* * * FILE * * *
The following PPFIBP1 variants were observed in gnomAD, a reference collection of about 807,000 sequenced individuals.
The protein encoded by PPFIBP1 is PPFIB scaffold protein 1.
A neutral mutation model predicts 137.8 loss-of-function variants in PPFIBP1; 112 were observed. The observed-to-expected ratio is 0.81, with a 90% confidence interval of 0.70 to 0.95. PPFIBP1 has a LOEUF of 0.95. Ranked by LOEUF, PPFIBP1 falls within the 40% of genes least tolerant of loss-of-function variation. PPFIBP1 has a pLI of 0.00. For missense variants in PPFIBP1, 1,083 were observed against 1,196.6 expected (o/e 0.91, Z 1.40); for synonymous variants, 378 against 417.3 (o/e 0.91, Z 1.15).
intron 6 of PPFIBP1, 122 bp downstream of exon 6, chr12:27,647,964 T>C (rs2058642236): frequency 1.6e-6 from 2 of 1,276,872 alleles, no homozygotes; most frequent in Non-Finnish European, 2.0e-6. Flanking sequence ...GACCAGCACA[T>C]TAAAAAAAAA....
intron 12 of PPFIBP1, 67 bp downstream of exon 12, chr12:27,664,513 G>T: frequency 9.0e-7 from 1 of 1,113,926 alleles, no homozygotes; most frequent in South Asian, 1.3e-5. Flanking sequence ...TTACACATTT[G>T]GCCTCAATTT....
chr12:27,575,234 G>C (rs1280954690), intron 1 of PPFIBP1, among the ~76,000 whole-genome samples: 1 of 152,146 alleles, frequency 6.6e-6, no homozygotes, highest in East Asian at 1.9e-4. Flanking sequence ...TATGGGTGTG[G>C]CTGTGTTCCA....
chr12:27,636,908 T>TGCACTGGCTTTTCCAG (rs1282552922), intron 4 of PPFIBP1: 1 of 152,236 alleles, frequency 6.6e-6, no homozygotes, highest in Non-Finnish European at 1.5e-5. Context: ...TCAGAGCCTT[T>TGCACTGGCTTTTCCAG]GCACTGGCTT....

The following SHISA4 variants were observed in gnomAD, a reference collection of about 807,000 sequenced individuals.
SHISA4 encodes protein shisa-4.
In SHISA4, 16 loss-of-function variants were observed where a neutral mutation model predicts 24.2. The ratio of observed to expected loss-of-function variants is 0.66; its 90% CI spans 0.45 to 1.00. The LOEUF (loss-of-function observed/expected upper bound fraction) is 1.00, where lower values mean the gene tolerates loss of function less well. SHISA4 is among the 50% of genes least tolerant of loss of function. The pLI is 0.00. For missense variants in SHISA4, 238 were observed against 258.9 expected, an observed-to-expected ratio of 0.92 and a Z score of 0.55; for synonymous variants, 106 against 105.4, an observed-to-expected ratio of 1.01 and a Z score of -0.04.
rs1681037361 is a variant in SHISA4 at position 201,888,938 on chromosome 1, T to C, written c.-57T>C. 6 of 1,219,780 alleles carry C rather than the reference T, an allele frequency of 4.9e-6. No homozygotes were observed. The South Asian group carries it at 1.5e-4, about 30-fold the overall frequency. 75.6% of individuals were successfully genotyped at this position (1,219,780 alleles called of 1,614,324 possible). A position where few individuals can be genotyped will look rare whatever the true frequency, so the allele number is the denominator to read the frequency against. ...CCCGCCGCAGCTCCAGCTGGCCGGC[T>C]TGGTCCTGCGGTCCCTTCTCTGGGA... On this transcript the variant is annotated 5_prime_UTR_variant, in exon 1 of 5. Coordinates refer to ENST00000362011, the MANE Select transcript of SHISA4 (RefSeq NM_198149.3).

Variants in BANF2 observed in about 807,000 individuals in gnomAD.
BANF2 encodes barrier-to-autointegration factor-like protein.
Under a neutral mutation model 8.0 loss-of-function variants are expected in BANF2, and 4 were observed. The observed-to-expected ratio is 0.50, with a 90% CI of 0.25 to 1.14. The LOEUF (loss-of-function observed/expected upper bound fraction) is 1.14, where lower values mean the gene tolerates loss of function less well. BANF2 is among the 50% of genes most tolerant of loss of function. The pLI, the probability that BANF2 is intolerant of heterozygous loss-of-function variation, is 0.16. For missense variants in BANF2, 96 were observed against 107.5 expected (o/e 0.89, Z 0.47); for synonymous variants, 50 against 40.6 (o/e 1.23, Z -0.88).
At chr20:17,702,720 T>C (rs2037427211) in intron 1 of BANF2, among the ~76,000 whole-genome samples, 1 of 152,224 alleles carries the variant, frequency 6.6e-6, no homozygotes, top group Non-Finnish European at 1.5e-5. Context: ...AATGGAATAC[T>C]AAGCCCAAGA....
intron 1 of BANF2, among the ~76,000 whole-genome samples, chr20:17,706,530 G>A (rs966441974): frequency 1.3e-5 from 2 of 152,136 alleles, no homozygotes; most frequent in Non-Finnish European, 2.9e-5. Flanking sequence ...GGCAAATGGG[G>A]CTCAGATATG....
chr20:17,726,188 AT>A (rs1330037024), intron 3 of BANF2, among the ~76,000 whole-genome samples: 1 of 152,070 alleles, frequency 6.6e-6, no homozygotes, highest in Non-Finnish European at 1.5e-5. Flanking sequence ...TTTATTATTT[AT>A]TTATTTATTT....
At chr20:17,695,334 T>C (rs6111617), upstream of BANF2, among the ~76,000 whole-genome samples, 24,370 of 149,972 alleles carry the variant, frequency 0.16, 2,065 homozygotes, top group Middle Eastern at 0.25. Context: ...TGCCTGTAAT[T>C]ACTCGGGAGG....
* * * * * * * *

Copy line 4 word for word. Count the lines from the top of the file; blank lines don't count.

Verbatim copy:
intron 6 of PPFIBP1, 122 bp downstream of exon 6, chr12:27,647,964 T>C (rs2058642236): frequency 1.6e-6 from 2 of 1,276,872 alleles, no homozygotes; most frequent in Non-Finnish European, 2.0e-6. Flanking sequence ...GACCAGCACA[T>C]TAAAAAAAAA....